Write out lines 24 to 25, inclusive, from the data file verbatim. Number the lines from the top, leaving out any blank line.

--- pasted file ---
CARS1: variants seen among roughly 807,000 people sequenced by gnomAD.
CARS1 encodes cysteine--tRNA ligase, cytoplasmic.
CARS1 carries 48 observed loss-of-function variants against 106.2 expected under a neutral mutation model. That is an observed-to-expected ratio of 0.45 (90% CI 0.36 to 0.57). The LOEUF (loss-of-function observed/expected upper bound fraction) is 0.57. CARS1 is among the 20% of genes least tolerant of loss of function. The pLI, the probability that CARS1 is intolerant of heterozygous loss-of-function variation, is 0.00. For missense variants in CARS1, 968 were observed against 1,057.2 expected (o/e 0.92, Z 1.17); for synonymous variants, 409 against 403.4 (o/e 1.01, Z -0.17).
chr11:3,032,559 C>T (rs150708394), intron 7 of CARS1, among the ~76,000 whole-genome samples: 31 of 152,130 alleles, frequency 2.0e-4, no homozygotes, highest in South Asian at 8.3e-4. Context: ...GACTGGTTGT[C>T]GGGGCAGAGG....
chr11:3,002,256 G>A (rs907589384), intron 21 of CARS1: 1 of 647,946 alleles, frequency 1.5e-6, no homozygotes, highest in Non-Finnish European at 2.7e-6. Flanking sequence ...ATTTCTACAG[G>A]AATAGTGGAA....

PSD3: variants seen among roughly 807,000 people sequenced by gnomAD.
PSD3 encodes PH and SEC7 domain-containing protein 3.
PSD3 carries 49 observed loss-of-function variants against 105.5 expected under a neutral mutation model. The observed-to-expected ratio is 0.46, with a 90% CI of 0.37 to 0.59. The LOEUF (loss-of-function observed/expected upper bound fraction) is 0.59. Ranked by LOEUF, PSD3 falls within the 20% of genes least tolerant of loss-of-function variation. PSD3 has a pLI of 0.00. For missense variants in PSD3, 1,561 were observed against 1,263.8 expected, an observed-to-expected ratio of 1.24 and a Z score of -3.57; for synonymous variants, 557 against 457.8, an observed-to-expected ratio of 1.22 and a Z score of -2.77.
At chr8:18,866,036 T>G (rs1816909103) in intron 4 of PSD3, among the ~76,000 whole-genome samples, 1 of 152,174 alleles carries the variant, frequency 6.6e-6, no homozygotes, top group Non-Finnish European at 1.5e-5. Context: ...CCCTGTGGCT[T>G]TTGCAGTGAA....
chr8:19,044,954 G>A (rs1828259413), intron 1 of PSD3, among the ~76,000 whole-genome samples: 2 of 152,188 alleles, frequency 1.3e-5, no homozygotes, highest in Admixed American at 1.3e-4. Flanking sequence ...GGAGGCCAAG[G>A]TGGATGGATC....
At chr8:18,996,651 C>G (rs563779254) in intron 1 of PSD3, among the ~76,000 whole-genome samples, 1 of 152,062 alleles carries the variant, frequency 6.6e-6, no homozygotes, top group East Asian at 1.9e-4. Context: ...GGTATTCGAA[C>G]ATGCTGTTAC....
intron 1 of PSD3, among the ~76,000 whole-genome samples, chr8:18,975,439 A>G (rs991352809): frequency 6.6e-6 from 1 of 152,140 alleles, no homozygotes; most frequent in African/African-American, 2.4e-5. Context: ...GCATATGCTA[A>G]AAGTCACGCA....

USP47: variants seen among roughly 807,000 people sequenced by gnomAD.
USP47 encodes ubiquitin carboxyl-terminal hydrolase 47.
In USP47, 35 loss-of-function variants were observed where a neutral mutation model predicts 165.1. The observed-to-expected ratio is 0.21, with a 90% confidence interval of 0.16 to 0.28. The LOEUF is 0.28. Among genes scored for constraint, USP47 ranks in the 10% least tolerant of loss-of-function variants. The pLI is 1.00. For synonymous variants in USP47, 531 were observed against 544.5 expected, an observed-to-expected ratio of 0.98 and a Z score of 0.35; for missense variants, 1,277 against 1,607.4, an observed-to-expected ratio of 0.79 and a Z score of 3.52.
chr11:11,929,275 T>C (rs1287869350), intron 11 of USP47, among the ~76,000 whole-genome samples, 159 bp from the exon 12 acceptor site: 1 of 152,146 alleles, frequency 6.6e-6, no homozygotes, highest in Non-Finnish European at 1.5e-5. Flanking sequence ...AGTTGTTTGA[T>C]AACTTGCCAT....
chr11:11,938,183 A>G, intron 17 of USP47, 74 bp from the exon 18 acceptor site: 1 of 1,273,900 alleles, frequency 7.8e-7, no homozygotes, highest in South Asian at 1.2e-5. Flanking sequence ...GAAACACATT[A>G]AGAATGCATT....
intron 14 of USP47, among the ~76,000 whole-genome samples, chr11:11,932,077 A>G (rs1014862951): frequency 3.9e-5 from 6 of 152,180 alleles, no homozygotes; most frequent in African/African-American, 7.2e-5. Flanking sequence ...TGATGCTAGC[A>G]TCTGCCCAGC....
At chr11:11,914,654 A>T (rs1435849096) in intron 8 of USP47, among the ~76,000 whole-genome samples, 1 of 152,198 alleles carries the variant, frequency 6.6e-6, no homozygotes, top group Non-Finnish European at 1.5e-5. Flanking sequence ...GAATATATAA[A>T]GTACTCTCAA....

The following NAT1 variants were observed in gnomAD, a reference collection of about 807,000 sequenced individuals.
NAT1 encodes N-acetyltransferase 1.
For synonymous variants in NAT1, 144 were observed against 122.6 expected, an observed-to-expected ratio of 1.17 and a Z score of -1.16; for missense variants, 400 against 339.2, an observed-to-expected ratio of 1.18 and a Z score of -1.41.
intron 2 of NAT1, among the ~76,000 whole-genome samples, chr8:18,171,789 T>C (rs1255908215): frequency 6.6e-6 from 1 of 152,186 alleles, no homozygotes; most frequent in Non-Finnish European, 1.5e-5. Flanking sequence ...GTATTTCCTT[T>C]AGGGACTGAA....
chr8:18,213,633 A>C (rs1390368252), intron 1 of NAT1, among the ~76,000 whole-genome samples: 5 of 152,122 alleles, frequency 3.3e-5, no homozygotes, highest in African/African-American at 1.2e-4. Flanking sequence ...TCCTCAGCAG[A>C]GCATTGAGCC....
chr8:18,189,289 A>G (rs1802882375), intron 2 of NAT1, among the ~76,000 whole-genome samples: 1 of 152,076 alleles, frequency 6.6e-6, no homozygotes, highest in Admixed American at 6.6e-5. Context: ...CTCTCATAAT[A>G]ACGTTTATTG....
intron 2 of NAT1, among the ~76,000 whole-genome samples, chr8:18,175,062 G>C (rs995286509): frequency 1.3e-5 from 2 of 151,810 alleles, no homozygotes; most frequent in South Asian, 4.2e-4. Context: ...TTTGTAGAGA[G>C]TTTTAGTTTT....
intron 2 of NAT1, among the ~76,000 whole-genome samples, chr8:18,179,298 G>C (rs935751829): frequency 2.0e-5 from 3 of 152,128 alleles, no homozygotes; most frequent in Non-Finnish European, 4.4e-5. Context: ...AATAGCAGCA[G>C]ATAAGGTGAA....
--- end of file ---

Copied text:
chr8:18,213,633 A>C (rs1390368252), intron 1 of NAT1, among the ~76,000 whole-genome samples: 5 of 152,122 alleles, frequency 3.3e-5, no homozygotes, highest in African/African-American at 1.2e-4. Flanking sequence ...TCCTCAGCAG[A>C]GCATTGAGCC....
chr8:18,189,289 A>G (rs1802882375), intron 2 of NAT1, among the ~76,000 whole-genome samples: 1 of 152,076 alleles, frequency 6.6e-6, no homozygotes, highest in Admixed American at 6.6e-5. Context: ...CTCTCATAAT[A>G]ACGTTTATTG....